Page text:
How San Diego Businesses, Government Can Help Get More Electric Cars On the Road
>> About health of California greenhouse gas emissions come from vehicles so that the state wants to meet climate change goals getting more electric cars on the road would have a major impact. Governor Brown has called for 5 million electric vehicles by 2030 which is an ambitious goal since there is less than one half million on the road right now. San Diego's center force sustainable energy will hold a forum tomorrow night on how to buy electric cars. Joining me is Kevin Wood with the Center for sustainable entry energy. Of those about 300 80,000 electric vehicles statewide how many are in San Diego and how many would we need to meet goals? >> We currently have 25 to 30,000 electric vehicle vehicles on the road and we are in trot to meet with the governor's previous goal of 150,000 by 2025 but to meet that more ambitious 500,000 gold you would need to triple that 150,000 number two close to 500 electric vehicles by 2030. >> What impact would it have two add 400 to 500,000 more cars here in San Diego? >> It would reduce greenhouse gas emissions by more than 10 percent and as that 500,000 number represents 20 percent of the vehicles on the road in San Diego County so it would have a substantial impact and almost a greater impact than any other single measure that we can think of for reducing greenhouse gas emissions. >> So the governor is calling for a tenfold increase in electric cars in San Diego. What infrastructure do you need to support that? >> A lot more than we have now so the great thing about electric vehicles is you can charge them at home overnight but that is assuming that you have a garage or a parking spot where you can charge them so for everyone who does not live in a apartment complex or on the street we will need more public charging infrastructure and the second best place to charges that work so there are currently programs and there will be need to be more programs to install so when you're cark it is parked all day it can charge but we will need more public charging and faster charging station along freeways that allow folks who are visiting the region or if you want to pull off the freeway for a few minutes to charge to make sure you can reach your destination. >> Are there any estimation on how much that would cost and whose responsibility that would be? >> There is not a direct cost estimate but there are estimates of the number of charging stations and by 2025 we would need at least 250,000 more public level II charging stations throughout the state and at least 10,000 more fast charge stations and the price tag for all of those stations could reach into the hundreds of millions or into $1 billion. >> The San Diego supervisors passed the plant a few weeks ago and Ron Roberts said if we can get more electric cars on the road than emissions will fall low enough that we won't have to think about as much limiting how far people travel when we take into account future development and future climate plants. Does the map hold up? >> It does to some extent. There is important reasons why we should reduce our driving from a cost basis it is cheaper to not drive then to go out and buy an electric car but for all of those people that need to drive and we have unfortunately built up our region around the car and there will still be people who need to drive and if we can get all of these people into electric vehicles we can come closer to meeting our climate goals and if I would keeps driving and does not switch to electric cars we will not reach our goal goals. >> So is there a tipping point once we get X number of cars to be electric? >> I don't know if there is a specific tipping point but the goal is at least 20 to 25 percent of new vehicles sold by 2030 should be elect and if our long-term climate goals are met you really need to look at everybody 100 percent of the cars on the road need to be electric. There is currently a bill in the state legislature that would ban the sale of gasoline cars after 2040 and something like that would need to pass to stop driving gasoline cars to get those goals met in the long-term. >> There are federal credits to make them cheaper for buyers but they expire after a company makes 200,000 electric cars. Since companies are making more of these cars, are we headed for more expensive cars in the near future says these credits expire? >> The great news is that over the last eight years electric vehicles have been mainstreamed and the cost of batteries has dropped from 1000 dollars per kilowatt hour to less then $200 per kilowatt hour so there is an 80 percent decrease in battery cost over the last eight years and we expect that the battery costs will continue to go down. There might be a short-term impact when those credits expire but because the cost of the vehicles is coming down because the cost of the batteries are coming down in the next few years electric vehicles won't necessarily have to cost any more than standard gasoline vehicles. Additionally besides the tether federal tax credit there is a state rebate in the state of California and that is committed to be funded including an increased incentive to low and moderate income consumer to make this affordable to the mass-market. >> I have been speaking with Kevin Wood clean transportation specialist on Kevin thank you, very much. >> Thank you for having me.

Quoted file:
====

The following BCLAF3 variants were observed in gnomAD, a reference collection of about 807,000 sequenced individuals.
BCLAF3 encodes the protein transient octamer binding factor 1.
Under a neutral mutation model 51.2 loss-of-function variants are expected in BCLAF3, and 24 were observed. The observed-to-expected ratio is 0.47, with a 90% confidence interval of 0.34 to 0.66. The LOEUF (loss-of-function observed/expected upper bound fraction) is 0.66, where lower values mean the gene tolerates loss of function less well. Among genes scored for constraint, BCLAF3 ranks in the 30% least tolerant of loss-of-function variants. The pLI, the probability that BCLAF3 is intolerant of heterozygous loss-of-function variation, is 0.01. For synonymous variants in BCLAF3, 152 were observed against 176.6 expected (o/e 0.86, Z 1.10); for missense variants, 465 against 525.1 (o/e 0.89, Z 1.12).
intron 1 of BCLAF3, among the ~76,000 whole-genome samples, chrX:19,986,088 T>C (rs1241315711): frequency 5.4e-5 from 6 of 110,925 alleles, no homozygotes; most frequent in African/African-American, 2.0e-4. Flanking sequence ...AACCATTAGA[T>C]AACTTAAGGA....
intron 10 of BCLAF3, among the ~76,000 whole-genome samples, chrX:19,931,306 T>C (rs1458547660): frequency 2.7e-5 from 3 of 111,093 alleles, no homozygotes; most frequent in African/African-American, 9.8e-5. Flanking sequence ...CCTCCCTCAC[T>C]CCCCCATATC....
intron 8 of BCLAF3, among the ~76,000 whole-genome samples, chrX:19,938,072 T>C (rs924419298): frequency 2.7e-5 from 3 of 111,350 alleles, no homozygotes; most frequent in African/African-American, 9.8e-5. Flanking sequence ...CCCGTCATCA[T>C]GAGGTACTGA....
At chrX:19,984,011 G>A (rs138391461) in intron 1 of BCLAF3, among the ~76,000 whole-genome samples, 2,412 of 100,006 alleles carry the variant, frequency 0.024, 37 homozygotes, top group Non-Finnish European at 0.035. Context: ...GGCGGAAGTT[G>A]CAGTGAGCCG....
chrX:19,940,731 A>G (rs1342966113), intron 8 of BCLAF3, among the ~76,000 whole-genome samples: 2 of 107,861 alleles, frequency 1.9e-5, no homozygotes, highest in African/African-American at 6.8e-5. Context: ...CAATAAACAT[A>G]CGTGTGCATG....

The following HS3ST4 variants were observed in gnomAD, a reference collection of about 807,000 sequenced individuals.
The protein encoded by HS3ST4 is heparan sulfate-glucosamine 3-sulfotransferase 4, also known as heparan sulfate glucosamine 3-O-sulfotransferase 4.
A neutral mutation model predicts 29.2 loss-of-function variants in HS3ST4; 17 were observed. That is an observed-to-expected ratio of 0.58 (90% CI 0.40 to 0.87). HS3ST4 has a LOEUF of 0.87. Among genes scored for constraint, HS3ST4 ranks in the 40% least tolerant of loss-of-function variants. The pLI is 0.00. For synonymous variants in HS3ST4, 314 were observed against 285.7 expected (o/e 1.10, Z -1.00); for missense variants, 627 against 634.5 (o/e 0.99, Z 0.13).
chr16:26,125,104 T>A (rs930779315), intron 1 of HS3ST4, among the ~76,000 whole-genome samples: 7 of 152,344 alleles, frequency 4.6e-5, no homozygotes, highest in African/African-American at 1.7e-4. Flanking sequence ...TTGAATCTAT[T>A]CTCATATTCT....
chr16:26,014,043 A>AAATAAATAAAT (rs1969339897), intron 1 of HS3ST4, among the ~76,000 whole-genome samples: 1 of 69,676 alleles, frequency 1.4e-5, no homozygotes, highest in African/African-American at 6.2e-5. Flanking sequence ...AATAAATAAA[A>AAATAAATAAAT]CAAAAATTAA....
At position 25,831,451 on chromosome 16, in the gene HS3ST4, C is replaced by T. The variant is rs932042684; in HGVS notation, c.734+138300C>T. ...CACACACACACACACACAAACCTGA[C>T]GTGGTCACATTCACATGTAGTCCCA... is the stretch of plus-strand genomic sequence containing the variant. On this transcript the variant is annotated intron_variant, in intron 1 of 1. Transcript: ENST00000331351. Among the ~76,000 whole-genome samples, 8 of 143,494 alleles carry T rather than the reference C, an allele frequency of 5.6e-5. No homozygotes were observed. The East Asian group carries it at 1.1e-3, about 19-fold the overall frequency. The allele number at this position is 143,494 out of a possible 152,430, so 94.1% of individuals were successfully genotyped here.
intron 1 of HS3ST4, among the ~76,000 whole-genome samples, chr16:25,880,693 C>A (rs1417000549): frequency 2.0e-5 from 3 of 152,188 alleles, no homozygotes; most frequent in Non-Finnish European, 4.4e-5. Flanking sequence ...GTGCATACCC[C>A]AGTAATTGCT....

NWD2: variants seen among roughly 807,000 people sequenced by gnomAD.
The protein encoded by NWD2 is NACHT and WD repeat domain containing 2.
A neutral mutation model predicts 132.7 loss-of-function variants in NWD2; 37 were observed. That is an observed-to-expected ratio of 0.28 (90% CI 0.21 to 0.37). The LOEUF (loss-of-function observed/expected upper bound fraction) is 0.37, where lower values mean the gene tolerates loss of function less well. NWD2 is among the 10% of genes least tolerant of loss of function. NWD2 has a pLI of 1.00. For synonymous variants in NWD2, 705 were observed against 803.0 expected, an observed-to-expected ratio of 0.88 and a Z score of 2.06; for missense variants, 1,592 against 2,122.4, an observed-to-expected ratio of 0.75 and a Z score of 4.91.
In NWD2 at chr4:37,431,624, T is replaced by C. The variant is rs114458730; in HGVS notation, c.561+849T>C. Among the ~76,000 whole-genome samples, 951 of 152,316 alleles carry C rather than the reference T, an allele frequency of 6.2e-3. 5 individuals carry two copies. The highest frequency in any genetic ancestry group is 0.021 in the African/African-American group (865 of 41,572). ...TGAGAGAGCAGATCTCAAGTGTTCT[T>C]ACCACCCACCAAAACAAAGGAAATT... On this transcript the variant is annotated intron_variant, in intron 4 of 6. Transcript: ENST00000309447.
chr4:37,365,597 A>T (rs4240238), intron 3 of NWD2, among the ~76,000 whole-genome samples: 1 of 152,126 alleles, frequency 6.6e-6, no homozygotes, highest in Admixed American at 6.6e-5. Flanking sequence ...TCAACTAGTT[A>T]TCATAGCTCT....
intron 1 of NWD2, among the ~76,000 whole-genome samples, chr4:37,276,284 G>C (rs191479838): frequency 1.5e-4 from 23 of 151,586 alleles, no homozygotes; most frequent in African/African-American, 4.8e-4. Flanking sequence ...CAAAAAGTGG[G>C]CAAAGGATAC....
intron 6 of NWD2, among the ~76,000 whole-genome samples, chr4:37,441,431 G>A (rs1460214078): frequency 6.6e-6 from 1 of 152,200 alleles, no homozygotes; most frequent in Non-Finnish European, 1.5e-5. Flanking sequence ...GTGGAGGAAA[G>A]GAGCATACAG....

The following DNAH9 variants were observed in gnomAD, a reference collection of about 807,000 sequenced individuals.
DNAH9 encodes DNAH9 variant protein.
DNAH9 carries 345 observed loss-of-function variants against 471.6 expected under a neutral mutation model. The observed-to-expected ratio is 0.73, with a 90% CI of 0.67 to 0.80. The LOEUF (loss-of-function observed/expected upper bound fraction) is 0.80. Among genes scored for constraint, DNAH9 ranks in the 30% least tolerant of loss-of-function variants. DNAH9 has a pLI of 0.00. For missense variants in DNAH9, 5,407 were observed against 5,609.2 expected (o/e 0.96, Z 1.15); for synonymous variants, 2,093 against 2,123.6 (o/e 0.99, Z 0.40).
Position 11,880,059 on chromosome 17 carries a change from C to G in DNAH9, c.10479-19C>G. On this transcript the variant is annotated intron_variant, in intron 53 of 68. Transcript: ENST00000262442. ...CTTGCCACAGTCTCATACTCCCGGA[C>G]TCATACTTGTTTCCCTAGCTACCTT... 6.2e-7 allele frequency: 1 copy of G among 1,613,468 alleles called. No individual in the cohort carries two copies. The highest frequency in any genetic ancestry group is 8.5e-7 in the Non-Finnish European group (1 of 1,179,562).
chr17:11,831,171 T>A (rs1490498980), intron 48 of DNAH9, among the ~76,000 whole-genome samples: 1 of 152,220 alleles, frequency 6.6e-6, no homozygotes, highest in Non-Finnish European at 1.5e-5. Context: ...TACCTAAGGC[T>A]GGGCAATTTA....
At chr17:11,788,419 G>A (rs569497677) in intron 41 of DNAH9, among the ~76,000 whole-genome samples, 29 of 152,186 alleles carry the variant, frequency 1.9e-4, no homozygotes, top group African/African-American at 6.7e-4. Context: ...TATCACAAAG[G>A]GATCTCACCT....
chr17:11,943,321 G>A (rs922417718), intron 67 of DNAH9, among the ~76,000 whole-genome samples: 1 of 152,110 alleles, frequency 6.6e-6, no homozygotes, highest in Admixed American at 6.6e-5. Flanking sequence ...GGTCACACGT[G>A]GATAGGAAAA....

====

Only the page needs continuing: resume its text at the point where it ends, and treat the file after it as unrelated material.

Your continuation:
A Forum on the role of electric vehicles in reducing greenhouse gas emissions and how government, businesses and communities can help will be held on Thursday, March 22, 2018 from 6- 7:30 pm at the Center for Sustainable Energy at 9325 Sky Park Ct, Suite 100 San Diego, CA 92123.
About half of California’s greenhouse gas emissions come from vehicles. So if the state wants to meet its climate change goals, getting more electric cars and trucks on the road could have a major impact. Gov. Jerry Brown has called for 5 million electric vehicles in California by 2030. It is an ambitious goal, since there are fewer than half a million electric vehicles on the road in California right now.
San Diego’s Center for Sustainable Energy is hosting a forum Thursday night on how local government and businesses can encourage more people to buy electric cars.
Kevin Wood, clean transportation specialist with the Center for Sustainable Energy discusses the environmental impact of adopting more electric cars in San Diego County.